Ginsburg herself was never actually in a position to take care of us. She came to be widely adulated only in the period in which she was in the Court’s minority; she was issuing dissents—brilliantly lacerating, yes, but still dissents—from decisions that imperiled and weakened us.
…The notion that our survival depended on her survival was always flawed, and betrayed how ravenous many were for any thread of hope for quiet and functional institutional correction, rather than for the mass uprising and furious battle this moment calls for. Part of the fantasy was that if she could hang on we could get back to “normal,” but normal is long past broken.”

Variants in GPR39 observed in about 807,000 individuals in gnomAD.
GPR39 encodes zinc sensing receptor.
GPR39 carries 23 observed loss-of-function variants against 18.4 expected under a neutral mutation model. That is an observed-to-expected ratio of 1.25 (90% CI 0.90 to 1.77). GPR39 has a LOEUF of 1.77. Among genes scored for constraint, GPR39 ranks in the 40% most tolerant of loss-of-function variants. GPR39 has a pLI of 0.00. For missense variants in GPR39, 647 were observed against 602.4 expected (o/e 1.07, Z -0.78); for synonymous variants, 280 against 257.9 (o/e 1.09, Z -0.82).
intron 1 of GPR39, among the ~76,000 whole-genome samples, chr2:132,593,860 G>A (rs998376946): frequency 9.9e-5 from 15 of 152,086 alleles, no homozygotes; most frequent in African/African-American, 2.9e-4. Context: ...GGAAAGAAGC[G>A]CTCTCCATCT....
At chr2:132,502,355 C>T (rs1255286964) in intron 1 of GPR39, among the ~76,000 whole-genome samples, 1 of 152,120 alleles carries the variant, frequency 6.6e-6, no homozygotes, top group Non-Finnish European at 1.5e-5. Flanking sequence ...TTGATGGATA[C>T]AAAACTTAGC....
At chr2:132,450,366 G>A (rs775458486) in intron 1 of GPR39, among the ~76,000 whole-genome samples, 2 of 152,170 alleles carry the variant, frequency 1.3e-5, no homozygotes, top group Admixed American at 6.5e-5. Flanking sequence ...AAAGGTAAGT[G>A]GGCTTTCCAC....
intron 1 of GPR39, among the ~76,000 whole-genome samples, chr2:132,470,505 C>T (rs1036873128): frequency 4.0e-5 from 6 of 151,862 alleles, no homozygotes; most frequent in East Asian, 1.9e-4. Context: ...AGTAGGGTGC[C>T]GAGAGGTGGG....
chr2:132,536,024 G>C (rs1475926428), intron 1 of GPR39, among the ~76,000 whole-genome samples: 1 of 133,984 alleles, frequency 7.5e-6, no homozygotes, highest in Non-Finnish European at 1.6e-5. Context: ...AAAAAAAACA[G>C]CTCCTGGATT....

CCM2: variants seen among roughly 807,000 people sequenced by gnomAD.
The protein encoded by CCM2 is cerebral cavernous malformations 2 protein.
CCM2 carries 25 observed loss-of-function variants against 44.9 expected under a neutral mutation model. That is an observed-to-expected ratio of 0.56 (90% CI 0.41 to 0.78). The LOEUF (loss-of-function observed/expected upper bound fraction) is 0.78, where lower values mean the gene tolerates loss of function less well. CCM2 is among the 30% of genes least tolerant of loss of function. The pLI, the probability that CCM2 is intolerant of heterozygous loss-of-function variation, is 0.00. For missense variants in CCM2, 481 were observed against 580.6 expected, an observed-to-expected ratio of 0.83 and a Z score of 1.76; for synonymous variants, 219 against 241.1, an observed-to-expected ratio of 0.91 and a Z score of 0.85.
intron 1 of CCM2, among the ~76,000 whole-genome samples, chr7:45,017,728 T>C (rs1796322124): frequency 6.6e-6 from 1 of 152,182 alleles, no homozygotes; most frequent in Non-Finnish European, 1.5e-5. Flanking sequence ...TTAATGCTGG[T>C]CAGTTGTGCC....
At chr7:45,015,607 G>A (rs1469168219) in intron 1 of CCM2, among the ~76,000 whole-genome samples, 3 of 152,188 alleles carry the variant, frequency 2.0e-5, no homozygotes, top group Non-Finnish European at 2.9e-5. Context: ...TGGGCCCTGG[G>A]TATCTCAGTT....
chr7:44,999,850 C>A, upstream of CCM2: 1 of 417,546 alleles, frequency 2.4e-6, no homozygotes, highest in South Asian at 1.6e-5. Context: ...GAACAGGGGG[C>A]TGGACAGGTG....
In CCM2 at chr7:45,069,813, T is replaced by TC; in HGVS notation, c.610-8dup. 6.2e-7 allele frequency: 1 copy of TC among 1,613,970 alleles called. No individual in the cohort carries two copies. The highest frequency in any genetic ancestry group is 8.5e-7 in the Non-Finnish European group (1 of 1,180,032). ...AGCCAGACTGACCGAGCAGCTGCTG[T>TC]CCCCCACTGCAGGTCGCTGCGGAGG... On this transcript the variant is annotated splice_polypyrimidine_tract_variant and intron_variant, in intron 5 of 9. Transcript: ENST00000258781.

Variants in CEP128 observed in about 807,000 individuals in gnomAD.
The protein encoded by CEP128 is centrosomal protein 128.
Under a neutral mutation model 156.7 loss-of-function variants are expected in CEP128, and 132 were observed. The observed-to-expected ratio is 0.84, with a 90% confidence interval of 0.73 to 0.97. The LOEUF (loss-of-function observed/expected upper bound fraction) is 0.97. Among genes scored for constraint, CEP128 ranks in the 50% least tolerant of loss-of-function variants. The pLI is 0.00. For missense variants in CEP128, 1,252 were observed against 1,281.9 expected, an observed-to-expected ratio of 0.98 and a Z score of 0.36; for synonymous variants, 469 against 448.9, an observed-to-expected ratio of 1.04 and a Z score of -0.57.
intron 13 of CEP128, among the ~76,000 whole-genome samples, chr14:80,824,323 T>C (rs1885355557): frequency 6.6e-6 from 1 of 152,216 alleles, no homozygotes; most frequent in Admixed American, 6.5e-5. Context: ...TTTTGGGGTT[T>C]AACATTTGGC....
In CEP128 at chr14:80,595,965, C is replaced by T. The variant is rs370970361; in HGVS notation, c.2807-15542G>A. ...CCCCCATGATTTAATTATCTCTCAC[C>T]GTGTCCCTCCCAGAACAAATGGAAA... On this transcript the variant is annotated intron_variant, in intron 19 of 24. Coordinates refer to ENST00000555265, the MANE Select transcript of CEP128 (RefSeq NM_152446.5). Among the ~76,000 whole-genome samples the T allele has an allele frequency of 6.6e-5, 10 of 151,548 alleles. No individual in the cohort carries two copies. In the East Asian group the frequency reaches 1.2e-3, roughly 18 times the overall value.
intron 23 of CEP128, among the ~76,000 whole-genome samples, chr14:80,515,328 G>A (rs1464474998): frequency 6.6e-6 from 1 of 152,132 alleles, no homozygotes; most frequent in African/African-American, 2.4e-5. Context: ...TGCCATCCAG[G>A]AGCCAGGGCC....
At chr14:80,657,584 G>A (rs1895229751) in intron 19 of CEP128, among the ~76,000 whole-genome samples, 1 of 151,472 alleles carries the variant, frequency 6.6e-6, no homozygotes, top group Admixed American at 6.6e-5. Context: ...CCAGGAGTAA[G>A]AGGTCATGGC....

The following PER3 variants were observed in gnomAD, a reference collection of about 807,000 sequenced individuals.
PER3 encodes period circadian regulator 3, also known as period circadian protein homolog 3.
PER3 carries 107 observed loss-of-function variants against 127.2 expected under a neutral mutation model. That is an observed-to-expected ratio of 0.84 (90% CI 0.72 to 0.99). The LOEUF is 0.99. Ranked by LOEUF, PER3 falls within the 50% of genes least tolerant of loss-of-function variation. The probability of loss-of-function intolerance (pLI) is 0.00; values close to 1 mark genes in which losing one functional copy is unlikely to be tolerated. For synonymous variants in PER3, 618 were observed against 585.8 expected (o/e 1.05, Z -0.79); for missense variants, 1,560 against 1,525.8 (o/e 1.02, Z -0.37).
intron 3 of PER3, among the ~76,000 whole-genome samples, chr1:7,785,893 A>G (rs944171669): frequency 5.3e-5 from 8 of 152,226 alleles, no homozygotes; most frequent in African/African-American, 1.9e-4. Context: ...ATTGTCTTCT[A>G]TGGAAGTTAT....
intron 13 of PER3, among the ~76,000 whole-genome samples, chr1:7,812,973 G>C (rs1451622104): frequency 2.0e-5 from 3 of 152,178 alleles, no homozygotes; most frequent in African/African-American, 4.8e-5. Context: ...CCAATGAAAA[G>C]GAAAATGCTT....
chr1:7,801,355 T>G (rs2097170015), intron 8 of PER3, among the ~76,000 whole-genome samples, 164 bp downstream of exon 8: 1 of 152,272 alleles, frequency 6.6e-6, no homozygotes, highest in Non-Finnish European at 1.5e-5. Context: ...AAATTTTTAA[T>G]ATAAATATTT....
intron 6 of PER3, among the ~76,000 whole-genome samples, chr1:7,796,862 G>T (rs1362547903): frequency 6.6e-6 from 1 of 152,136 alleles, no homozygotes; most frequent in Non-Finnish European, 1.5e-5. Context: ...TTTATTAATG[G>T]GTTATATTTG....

It should never have come down to her, even in our collective imagination.
REBECCA TRAISTER, “It Should Never Have Come Down to Her.” The Cut, September 2020.